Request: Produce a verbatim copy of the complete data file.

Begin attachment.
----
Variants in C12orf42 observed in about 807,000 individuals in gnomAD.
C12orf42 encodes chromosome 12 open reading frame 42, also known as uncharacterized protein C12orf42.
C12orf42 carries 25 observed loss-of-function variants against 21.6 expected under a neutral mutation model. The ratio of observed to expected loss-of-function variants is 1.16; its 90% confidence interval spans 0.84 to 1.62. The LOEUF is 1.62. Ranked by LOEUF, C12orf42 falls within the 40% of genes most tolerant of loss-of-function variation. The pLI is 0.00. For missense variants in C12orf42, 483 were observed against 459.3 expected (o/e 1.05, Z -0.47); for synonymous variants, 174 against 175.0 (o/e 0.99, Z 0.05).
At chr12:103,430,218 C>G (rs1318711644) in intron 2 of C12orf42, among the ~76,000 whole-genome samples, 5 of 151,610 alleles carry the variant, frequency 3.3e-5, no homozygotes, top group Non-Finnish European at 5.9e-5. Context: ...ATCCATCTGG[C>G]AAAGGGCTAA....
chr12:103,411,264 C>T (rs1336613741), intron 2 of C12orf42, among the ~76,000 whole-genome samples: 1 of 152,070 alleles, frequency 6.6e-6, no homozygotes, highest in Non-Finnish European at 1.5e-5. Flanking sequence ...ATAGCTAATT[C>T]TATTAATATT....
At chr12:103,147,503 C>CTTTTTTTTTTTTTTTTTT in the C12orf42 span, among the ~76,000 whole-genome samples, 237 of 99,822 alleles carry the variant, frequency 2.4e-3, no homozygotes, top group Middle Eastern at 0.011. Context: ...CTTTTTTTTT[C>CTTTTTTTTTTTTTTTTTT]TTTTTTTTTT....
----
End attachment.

Variants in C12orf42 observed in about 807,000 individuals in gnomAD.
C12orf42 encodes chromosome 12 open reading frame 42, also known as uncharacterized protein C12orf42.
C12orf42 carries 25 observed loss-of-function variants against 21.6 expected under a neutral mutation model. The ratio of observed to expected loss-of-function variants is 1.16; its 90% confidence interval spans 0.84 to 1.62. The LOEUF is 1.62. Ranked by LOEUF, C12orf42 falls within the 40% of genes most tolerant of loss-of-function variation. The pLI is 0.00. For missense variants in C12orf42, 483 were observed against 459.3 expected (o/e 1.05, Z -0.47); for synonymous variants, 174 against 175.0 (o/e 0.99, Z 0.05).
At chr12:103,430,218 C>G (rs1318711644) in intron 2 of C12orf42, among the ~76,000 whole-genome samples, 5 of 151,610 alleles carry the variant, frequency 3.3e-5, no homozygotes, top group Non-Finnish European at 5.9e-5. Context: ...ATCCATCTGG[C>G]AAAGGGCTAA....
chr12:103,411,264 C>T (rs1336613741), intron 2 of C12orf42, among the ~76,000 whole-genome samples: 1 of 152,070 alleles, frequency 6.6e-6, no homozygotes, highest in Non-Finnish European at 1.5e-5. Flanking sequence ...ATAGCTAATT[C>T]TATTAATATT....
At chr12:103,147,503 C>CTTTTTTTTTTTTTTTTTT in the C12orf42 span, among the ~76,000 whole-genome samples, 237 of 99,822 alleles carry the variant, frequency 2.4e-3, no homozygotes, top group Middle Eastern at 0.011. Context: ...CTTTTTTTTT[C>CTTTTTTTTTTTTTTTTTT]TTTTTTTTTT....